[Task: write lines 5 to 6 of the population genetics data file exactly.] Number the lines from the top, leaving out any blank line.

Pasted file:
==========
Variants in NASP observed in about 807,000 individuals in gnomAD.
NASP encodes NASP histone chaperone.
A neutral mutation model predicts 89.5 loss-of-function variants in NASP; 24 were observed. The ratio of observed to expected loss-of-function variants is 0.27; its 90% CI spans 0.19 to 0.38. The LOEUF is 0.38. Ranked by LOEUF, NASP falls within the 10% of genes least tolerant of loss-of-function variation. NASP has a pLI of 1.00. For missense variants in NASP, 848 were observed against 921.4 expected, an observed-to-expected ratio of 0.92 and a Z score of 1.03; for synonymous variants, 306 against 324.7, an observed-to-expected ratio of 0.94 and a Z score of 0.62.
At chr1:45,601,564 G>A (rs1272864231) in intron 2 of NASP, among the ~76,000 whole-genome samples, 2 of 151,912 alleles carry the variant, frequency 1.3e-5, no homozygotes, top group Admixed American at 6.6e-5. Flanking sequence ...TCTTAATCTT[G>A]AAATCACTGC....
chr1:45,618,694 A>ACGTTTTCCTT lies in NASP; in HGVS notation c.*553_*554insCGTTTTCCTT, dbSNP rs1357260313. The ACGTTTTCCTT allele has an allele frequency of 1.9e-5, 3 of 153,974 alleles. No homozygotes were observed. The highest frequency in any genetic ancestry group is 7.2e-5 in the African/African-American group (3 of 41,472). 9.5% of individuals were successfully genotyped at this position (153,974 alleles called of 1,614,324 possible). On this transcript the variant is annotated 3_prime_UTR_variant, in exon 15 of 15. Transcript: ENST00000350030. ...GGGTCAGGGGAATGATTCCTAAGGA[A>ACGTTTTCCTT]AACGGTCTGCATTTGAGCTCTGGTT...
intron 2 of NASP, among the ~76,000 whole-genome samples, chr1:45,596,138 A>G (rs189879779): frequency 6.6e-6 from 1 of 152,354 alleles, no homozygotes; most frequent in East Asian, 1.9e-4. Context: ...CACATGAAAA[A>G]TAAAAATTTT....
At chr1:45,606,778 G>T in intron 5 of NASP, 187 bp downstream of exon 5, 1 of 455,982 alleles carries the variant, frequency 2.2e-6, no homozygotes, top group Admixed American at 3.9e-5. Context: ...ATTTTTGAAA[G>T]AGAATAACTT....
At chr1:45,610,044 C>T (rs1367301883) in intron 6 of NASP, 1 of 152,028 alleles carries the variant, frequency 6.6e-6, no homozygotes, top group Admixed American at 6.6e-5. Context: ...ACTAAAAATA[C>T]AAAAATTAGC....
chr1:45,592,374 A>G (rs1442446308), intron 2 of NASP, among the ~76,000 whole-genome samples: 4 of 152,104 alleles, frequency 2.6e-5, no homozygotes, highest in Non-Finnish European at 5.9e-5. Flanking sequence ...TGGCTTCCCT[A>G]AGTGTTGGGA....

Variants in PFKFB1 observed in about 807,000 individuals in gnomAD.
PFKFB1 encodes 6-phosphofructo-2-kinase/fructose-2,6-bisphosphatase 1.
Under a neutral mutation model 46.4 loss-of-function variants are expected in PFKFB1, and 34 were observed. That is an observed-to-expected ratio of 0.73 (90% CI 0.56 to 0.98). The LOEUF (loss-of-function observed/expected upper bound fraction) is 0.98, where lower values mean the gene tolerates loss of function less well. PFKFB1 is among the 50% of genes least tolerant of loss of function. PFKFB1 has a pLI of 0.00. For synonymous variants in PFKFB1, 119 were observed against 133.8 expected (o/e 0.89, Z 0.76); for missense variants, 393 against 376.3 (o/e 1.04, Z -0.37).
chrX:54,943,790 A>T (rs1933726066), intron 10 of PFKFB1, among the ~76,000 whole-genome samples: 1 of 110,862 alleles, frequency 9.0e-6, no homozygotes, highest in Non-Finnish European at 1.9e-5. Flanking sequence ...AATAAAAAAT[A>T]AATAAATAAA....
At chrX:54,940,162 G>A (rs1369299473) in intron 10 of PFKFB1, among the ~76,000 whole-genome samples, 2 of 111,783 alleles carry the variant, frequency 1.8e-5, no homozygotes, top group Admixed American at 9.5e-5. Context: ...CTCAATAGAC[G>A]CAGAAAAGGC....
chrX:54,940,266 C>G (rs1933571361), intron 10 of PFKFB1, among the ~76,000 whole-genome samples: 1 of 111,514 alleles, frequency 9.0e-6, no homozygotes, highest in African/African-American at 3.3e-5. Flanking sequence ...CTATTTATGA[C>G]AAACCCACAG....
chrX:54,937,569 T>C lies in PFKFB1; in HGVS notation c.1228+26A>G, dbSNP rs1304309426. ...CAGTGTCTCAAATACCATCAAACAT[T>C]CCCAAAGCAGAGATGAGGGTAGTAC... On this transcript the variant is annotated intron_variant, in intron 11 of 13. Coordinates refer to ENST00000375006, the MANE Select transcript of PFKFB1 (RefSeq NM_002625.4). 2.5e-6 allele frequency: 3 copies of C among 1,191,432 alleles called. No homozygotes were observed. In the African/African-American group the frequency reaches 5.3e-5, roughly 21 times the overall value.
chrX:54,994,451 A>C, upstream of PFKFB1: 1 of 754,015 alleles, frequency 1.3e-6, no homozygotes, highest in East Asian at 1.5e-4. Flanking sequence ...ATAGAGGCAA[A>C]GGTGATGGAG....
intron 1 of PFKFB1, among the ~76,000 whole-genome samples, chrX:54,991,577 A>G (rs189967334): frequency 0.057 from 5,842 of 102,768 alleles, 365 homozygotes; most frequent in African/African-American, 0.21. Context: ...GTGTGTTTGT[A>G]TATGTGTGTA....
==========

chr1:45,618,694 A>ACGTTTTCCTT lies in NASP; in HGVS notation c.*553_*554insCGTTTTCCTT, dbSNP rs1357260313. The ACGTTTTCCTT allele has an allele frequency of 1.9e-5, 3 of 153,974 alleles. No homozygotes were observed. The highest frequency in any genetic ancestry group is 7.2e-5 in the African/African-American group (3 of 41,472). 9.5% of individuals were successfully genotyped at this position (153,974 alleles called of 1,614,324 possible). On this transcript the variant is annotated 3_prime_UTR_variant, in exon 15 of 15. Transcript: ENST00000350030. ...GGGTCAGGGGAATGATTCCTAAGGA[A>ACGTTTTCCTT]AACGGTCTGCATTTGAGCTCTGGTT...
intron 2 of NASP, among the ~76,000 whole-genome samples, chr1:45,596,138 A>G (rs189879779): frequency 6.6e-6 from 1 of 152,354 alleles, no homozygotes; most frequent in East Asian, 1.9e-4. Context: ...CACATGAAAA[A>G]TAAAAATTTT....